Banking & Money


29 September 2010

England, Scotland and Wales use the pound-sterling. Although they are members of the
European Union they do not trade in the Euro. Scotland has a Scottish pound but is it interchangeable with the British pound. Either can be used in England. Northern Ireland is controlled by the British and trades in pound sterling. The Republic of Ireland is a member of the EU and trade in Euros.

The use of sterling dates back to the 700’s and as I would love to tell you about it the
Telegraph did a nice story that saves me a lot of typing.

ATM Cash-Points, Cash & Credit

England uses pound-sterling (£). Most of Europe and the Republic of Ireland (Dublin) use the Euro (€). You do not need to have pounds with you before you go, as ATM’s (Cash Points) are everywhere. This is the easiest way to get your money at the best rate but you may be assessed a small fee by your bank. The machines in the UK return your card first before they give cash. I think this is a safety measure. Most US banks charge a 1% to 3% foreign currency conversion fee when you use your debit or credit card over seas. Please read more about this matter from USA Today. More and more ATM cash points are dispensing currency in Euro’s as well as sterling.

This
Mastercard ATM locator site and Visa ATM locator site should help you locate a point anywhere in the world, should you travel like 007.

If you buy cash from a bank or other provider in the states you could pay a high fee and postage. If you cannot buy cash in your home city the bank will send it to you and it may be at your expense. Check with you institution for all charges. The American Automobile Association (
AAA) sells currency, traveler’s checks and http://www.travelex.com/ products.

To prevent identity theft many merchants are using hand held card readers that allow you to sign on the spot and your card is never out of sight. Cards issued in the UK have a microchip that the card reads. I am not sure how that works but US card may not have them. I was sometimes asked to show a photo ID when I used my chip-less card. Credit cards offer a good exchange rate and will show the conversion on your statement. At one time my card company displayed the exchange to 32 decimal points. Why?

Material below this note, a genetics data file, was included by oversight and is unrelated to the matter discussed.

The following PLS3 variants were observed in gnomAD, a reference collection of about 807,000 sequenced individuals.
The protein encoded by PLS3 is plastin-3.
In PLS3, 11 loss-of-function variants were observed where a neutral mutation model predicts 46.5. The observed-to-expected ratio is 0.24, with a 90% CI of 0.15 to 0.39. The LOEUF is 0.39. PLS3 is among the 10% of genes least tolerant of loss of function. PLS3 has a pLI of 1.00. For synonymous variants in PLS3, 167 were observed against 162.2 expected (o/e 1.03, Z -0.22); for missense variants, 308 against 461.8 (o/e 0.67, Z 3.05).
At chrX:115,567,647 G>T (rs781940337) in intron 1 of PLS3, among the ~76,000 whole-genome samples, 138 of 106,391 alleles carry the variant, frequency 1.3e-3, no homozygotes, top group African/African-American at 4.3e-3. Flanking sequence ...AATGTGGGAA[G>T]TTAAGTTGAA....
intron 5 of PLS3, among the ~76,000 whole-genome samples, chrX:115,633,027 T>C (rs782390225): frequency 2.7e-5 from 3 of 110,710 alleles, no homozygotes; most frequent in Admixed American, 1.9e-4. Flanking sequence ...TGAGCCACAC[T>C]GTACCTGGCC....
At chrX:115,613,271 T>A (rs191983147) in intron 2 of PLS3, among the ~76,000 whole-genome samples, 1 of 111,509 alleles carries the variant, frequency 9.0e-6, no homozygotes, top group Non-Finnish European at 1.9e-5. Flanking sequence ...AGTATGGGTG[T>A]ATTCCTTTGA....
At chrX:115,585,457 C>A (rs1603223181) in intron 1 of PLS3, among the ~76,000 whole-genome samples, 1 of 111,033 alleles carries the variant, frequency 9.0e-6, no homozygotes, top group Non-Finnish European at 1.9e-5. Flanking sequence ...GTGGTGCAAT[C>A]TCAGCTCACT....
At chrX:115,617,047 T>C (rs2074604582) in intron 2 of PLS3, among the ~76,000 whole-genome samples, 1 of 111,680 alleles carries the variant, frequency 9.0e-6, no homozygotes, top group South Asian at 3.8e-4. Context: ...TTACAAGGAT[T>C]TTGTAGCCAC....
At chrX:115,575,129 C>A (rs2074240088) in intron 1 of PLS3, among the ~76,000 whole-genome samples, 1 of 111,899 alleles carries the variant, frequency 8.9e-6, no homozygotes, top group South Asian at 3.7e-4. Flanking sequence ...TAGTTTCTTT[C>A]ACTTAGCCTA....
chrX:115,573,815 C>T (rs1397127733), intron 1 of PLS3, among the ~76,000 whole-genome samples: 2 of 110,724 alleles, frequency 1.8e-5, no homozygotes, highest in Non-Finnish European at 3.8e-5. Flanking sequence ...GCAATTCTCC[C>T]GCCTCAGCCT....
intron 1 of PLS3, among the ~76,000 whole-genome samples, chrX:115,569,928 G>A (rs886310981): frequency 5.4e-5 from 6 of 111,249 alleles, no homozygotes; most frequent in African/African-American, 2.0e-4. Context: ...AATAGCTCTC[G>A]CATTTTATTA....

American Express
www.americanexpress.com
Credit
Overseas Card
Discover Card
www.discovercard.com
Master Card
www.mastercard.com
Visa Card
www.visa.com

Banks in England

Banks are great when you need to withdraw money from a cash dispenser but no so great on other services. If you are not a customer you may not get currency exchanged and may pay a high fee for cash advance on your US issued credit card. Yes, I would know.

Building Societies

In short, a building society was an institution where one went to get money for a home loan. Today they are much the same as banks. Regulations and services may be different. They do want your account and will be eager to talk to you. As a tourist this may not be for you.

Credit & Debit Card Transaction Fees
CARD Act of 2009

The U.S. Congress passed the Credit Card Accountability Responsibility and Disclosure Act (CARD) Act in 2009 that tightened the rules that financial institutions must abide by so consumers are better protected from predatory institutions. But as in most U.S. laws there were “loopholes”. Financial institutions get to identify what a foreign transaction is when you use a credit or debit card. When you use a card outside the United States, you can pay up to 3% of the transaction to your institution as well as the institution giving you money via an ATM or cash advance. This would apply if your institution had a branch where you are obtaining your own money. Your institution needs this fee because the computer performs this conversion in one-billionth of a second.

In addition to paying a fee for your institution converting the exchange, there are other ways they can extract this fee. If you make a purchase from your home and the charge is in U.S. dollars, you can be hit with fee if the transaction goes thru a foreign bank. It is still considered a foreign transaction. Retailers overseas are offering to write your bill for goods or services in U.S. dollars and not in the local currency. This is called dynamic currency conversion. That may sound like a nice gesture on their part but it is a moneymaker for them. That means you are losing money on the deal. When a merchant charges you in dollars, they receive a fee from the bank or credit card company they are using. This fee along with the transaction fee shows up on your statement when you get back.